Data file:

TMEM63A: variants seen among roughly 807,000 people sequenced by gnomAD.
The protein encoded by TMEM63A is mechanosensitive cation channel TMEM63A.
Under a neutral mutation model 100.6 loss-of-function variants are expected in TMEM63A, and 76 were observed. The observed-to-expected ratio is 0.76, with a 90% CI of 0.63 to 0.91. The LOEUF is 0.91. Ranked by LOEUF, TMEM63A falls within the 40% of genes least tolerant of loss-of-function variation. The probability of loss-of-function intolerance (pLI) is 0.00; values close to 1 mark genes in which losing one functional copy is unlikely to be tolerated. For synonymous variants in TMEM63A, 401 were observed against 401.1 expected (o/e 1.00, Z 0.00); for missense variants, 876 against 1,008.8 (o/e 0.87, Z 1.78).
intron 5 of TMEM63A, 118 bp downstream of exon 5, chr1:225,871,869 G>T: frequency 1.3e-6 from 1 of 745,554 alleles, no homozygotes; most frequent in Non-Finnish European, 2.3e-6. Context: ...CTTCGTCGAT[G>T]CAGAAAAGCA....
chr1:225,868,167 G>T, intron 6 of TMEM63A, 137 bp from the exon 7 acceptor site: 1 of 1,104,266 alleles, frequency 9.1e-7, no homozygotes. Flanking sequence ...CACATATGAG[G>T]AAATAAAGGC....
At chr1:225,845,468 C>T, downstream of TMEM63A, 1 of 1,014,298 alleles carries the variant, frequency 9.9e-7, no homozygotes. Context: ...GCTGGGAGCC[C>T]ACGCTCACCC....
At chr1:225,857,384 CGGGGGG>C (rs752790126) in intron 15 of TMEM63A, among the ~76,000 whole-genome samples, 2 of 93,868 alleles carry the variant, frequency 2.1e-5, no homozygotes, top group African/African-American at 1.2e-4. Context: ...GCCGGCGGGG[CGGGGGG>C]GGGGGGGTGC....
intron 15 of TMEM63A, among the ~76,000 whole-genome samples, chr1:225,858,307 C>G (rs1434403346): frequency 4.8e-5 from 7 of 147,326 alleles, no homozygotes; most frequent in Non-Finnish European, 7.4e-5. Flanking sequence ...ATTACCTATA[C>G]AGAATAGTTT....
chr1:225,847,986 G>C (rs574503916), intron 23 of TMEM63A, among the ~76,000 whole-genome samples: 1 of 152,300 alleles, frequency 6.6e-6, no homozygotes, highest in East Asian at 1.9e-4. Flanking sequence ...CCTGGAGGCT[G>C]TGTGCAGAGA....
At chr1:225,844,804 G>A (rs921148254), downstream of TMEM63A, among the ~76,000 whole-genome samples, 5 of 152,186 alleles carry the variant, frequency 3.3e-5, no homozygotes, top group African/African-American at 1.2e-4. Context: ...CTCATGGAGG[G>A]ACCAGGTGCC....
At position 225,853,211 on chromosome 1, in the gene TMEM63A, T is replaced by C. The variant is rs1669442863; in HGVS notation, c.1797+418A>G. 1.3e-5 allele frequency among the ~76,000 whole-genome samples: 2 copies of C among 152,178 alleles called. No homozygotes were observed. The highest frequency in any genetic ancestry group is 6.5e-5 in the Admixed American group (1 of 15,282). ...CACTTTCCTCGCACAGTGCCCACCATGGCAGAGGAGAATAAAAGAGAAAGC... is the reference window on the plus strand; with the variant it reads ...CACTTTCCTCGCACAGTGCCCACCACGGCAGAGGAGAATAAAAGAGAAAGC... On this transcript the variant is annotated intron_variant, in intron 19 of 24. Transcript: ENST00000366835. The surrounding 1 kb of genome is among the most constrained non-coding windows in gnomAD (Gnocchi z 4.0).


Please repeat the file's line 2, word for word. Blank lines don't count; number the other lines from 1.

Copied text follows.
The protein encoded by TMEM63A is mechanosensitive cation channel TMEM63A.